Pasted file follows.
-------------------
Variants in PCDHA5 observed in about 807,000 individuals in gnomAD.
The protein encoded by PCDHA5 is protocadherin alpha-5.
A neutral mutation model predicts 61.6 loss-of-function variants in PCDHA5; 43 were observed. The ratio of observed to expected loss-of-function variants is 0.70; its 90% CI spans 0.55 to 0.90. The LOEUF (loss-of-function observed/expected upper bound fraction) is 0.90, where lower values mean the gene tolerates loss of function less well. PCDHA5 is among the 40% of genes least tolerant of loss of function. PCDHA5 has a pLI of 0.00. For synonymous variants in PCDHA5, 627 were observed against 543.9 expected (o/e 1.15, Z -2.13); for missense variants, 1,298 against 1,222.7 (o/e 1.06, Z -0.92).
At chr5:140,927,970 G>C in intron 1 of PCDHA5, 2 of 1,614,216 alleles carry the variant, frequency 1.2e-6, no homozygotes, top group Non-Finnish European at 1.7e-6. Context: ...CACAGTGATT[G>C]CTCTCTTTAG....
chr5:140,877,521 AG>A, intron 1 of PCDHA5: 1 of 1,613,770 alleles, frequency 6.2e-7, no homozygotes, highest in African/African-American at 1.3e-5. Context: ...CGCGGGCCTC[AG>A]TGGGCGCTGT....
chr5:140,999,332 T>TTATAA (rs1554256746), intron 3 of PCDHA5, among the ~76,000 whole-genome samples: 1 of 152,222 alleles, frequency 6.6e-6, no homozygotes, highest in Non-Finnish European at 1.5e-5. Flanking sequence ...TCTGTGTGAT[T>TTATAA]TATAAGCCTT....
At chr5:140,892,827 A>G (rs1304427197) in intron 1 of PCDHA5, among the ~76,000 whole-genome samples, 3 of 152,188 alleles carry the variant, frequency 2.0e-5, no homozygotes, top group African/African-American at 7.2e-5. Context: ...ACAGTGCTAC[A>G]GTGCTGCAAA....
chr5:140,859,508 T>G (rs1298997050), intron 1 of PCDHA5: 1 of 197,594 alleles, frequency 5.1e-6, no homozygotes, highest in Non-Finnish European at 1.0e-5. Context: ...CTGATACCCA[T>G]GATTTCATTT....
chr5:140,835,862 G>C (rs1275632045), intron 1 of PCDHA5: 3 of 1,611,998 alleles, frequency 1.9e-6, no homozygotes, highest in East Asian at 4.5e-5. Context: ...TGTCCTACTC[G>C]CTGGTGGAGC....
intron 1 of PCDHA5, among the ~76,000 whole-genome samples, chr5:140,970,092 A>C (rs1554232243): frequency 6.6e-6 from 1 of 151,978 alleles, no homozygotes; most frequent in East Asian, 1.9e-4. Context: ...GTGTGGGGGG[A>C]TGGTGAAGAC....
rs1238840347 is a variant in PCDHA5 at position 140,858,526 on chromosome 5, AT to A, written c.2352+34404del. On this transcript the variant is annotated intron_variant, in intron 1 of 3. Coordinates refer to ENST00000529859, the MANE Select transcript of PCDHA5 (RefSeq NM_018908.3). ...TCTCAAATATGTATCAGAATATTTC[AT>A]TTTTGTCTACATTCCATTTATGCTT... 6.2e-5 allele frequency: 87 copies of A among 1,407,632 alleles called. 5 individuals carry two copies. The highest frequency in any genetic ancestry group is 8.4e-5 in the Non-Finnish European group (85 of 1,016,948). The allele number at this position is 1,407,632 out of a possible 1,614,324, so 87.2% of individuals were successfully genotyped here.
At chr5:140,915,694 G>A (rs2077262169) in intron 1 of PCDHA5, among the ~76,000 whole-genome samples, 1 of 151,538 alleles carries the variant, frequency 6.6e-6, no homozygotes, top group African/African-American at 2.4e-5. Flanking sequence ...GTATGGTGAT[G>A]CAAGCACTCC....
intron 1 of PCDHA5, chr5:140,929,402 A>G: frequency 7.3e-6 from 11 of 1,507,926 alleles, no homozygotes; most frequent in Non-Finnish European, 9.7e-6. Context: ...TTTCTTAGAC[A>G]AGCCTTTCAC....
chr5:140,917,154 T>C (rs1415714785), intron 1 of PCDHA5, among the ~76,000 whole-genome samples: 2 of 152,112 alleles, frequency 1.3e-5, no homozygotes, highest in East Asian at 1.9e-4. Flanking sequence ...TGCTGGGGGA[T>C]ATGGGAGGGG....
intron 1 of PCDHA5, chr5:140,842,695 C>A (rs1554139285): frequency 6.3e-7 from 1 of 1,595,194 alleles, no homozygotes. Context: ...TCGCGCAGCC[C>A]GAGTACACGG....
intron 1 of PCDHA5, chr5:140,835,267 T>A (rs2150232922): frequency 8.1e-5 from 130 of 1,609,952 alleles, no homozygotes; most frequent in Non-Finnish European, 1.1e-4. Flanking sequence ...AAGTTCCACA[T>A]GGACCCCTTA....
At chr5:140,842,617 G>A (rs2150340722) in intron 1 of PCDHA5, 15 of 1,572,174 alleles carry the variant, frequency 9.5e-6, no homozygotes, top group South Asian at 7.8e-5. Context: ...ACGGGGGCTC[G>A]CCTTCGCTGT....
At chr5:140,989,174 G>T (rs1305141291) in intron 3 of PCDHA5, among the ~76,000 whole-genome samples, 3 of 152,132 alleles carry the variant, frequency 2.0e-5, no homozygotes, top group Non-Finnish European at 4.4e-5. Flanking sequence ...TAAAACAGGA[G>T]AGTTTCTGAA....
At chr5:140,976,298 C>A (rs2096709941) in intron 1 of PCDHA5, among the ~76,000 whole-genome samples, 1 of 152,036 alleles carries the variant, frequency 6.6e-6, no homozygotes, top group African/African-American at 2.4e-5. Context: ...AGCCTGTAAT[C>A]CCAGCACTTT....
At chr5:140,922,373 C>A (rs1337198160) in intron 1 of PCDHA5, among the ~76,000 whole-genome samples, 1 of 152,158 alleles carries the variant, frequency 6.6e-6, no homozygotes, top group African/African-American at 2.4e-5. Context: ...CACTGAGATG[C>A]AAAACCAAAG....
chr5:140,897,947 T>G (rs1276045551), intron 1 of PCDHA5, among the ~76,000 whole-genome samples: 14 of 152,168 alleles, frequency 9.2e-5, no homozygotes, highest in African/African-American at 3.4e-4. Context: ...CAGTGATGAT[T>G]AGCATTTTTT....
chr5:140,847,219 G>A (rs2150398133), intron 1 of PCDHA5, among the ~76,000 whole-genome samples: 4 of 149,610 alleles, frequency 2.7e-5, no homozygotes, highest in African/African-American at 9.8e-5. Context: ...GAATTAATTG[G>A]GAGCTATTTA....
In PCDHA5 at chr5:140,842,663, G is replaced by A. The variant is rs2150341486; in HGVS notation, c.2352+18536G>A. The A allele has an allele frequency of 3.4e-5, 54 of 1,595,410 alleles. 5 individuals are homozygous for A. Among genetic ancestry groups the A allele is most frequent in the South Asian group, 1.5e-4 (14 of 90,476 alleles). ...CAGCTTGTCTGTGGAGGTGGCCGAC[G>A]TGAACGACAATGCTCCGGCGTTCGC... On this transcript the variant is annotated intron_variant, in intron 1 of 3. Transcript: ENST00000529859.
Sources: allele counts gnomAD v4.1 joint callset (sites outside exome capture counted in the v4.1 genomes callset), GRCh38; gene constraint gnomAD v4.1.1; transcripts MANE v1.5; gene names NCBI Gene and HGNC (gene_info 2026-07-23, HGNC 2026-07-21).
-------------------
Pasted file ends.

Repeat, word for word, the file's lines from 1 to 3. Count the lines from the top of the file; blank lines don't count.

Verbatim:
Variants in PCDHA5 observed in about 807,000 individuals in gnomAD.
The protein encoded by PCDHA5 is protocadherin alpha-5.
A neutral mutation model predicts 61.6 loss-of-function variants in PCDHA5; 43 were observed. The ratio of observed to expected loss-of-function variants is 0.70; its 90% CI spans 0.55 to 0.90. The LOEUF (loss-of-function observed/expected upper bound fraction) is 0.90, where lower values mean the gene tolerates loss of function less well. PCDHA5 is among the 40% of genes least tolerant of loss of function. PCDHA5 has a pLI of 0.00. For synonymous variants in PCDHA5, 627 were observed against 543.9 expected (o/e 1.15, Z -2.13); for missense variants, 1,298 against 1,222.7 (o/e 1.06, Z -0.92).